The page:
Five Best Kitchen Remodel Tips

On July 3, 2014, in Fun Stuff, Musings, by lisa

 

Lisa cooking

Lisa, cooking cassoulet. Photo by Karla Thomas.

A few years ago we did a major remodel to our 1904 Dutch colonial house, including a bump-out for a new kitchen. Given that the old kitchen had — I kid you not — only 1.5 drawers, turquoise formica countertops, and a gas range that greeted every cooking attempt with a fireball, it was more than needed. I obsessively researched kitchens beforehand, and here are the top tips I learned:

1. Plan your kitchen for how YOU cook, live, and entertain.

This sounds like a “duh,” but it’s not. The first instinct of most people is to listen to the old, “Plan your kitchen as a triangle between sink, stove, fridge” advice, believing it to be the most efficient. Or they listen to their kitchen designer (or architect) about what would look good, even though the architect never cooks and has no idea of the flow of a working kitchen.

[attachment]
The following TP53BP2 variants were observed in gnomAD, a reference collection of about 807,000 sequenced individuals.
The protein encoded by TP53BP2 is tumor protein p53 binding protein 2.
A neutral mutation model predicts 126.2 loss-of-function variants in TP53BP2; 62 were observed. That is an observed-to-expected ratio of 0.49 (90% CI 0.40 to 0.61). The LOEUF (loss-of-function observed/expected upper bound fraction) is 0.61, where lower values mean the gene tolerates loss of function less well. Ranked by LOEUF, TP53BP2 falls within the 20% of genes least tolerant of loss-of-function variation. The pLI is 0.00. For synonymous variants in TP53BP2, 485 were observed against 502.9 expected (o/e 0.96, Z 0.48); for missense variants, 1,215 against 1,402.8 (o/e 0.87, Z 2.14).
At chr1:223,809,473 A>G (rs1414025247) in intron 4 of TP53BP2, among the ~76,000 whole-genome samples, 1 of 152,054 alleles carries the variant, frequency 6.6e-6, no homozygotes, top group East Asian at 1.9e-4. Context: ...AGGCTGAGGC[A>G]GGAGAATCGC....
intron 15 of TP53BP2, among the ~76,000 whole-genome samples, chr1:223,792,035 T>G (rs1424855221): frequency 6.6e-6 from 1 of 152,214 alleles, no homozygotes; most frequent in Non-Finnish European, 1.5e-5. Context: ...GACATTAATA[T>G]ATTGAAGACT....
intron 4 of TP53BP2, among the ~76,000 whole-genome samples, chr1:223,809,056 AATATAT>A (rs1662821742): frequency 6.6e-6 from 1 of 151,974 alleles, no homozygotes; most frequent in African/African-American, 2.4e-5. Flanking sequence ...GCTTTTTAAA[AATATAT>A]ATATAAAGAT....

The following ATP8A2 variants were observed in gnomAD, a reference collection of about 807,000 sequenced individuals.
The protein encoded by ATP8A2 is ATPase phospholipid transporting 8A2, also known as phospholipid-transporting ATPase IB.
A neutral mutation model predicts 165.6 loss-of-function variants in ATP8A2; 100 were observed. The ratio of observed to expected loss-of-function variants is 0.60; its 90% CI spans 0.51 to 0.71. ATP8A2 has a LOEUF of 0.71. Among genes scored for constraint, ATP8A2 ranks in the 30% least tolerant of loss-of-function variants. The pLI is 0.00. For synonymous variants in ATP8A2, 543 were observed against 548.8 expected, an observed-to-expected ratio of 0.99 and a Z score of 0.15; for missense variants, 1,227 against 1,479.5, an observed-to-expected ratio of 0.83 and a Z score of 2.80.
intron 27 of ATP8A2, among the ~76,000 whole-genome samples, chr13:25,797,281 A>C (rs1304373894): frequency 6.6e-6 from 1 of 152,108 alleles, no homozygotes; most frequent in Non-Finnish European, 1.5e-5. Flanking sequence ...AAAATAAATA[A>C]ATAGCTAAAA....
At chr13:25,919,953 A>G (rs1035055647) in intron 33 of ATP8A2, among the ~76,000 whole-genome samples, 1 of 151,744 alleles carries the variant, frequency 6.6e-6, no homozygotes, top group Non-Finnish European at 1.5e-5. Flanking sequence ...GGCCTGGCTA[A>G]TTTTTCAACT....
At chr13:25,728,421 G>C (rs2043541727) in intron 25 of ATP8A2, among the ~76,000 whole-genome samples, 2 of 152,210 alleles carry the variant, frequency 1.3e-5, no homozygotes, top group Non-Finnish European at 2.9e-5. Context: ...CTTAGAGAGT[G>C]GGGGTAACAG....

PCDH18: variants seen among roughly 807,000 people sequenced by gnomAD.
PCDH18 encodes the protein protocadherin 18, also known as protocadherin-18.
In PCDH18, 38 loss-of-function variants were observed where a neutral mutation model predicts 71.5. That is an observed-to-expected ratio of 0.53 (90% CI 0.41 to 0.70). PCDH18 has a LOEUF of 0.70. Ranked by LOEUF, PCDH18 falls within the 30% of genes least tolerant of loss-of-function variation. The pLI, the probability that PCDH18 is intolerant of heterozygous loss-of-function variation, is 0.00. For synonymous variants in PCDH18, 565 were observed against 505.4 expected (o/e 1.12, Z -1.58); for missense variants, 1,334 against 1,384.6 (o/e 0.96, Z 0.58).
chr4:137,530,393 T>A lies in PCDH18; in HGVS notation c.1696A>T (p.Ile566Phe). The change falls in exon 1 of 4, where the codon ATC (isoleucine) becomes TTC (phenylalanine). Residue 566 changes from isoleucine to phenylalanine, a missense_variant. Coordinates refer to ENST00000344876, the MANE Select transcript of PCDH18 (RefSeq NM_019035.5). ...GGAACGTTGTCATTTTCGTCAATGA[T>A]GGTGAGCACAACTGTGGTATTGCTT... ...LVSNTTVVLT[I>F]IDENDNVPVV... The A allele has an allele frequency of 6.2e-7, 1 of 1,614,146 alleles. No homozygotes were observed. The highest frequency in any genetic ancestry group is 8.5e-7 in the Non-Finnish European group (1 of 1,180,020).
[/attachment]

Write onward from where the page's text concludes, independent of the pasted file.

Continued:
Where do your groceries enter the house, and how far will you have to carry them before putting them away? How far will cooked food have to travel, to get to the main table or counter for eating? How far do dirty dishes have to go to get cleaned, and once cleaned, how far must they travel to be put away?

My kitchen ended up a “modified galley” — pretty much a long thin U, with food stored at the bottom of the U. From storage it moves up one leg of the U: to a prep sink for washing/thawing; onto the butcher block counter for chopping, mixing; onto the stove; then out the top of the U for eating. Dishes go into the top of the U and travel down the other leg (opposite the prep leg) from sink to dishwasher to storage.

You can see how food flows from the fridge to the prep sink to the cutting board.